The sinking into the depths of the element, into its incomparable freshness, a plenitude and a fulfilment…of life loving life even in (the face of death). It is by the other and for the other, for another…to be torn from oneself despite oneself…and in its vulnerability as an exposure to the other. But it is not a gift of the heart but of the bread from one’s mouth…it is the openness…of the doors of one’s home. (Emmanuel Levinas, my words in the brackets)
Joy, the pure love of life, may be relatively fleeting but it is constantly renewed and always returns. We may not be able to live on joy alone but it can go a long way to making life more fulfilling. Why then, do a lot of us, or maybe all of us at times, seem to reduce or suppress our sense of joy with the world? Is it because we know it is fleeting and ‘ordinary’ life seems dull in comparison? Is it because joy and grief are so closely linked that it is better to forgo joy in a futile attempt to keep grief at bay? Is it because the world is in such a mess that it feels inappropriate to express joy when surrounded by such suffering? Is it because the expression of joy can can create envy in other people who must then mock and destroy it?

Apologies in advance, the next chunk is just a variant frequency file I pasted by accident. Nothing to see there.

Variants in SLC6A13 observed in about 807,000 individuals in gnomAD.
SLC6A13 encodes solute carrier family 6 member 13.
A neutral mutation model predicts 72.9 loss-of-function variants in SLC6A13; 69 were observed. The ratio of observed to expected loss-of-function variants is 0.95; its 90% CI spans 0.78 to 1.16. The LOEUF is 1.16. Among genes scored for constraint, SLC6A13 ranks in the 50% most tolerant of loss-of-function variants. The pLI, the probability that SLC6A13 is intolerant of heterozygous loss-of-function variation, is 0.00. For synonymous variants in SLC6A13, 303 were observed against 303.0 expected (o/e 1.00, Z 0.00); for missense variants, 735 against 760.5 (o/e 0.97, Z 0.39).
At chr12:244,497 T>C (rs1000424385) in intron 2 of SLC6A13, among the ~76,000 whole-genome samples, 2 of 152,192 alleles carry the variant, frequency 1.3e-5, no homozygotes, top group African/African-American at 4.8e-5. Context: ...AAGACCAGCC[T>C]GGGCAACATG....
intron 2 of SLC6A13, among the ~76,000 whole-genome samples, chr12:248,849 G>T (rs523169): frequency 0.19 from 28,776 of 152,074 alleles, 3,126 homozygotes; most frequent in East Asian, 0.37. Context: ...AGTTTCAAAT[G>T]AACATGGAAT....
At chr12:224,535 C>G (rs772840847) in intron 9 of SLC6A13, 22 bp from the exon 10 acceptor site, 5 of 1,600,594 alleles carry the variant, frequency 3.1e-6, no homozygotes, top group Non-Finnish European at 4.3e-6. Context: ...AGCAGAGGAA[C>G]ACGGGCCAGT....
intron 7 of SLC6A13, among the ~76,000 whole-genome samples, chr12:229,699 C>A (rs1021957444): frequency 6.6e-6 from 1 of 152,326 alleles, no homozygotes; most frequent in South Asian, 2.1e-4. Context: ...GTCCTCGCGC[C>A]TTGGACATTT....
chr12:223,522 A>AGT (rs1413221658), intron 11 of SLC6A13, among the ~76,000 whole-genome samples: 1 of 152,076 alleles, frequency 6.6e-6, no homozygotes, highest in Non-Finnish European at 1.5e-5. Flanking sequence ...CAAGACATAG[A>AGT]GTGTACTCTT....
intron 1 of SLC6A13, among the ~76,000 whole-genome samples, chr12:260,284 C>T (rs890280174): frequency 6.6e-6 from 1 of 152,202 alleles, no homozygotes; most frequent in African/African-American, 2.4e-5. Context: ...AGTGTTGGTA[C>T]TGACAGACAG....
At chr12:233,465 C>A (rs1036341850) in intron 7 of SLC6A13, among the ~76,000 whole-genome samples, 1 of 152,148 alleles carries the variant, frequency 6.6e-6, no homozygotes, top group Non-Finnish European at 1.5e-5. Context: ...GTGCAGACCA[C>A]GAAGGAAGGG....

Perhaps all of the above are true, and of course, our life circumstances, our economic situation, the political climate we live in and any trauma we have suffered can limit our ability to express joy. Yet it survives all this. Perhaps to be truly joyous increases our awareness of the absence, the end of joy, perhaps to fully embrace the joy within us means we also have to fully accept the despair and grief embedded within our existence, perhaps to unreservedly celebrate the joy of life whilst knowing grief and loss will soon return is one of the most courageous things we can do. It seems to me that to express joy is to make ourselves extremely vulnerable, it is to offer ourselves to the universe, it may be the purest form of altruism, is the opposite of narcissism and is a kind of vulnerable glory.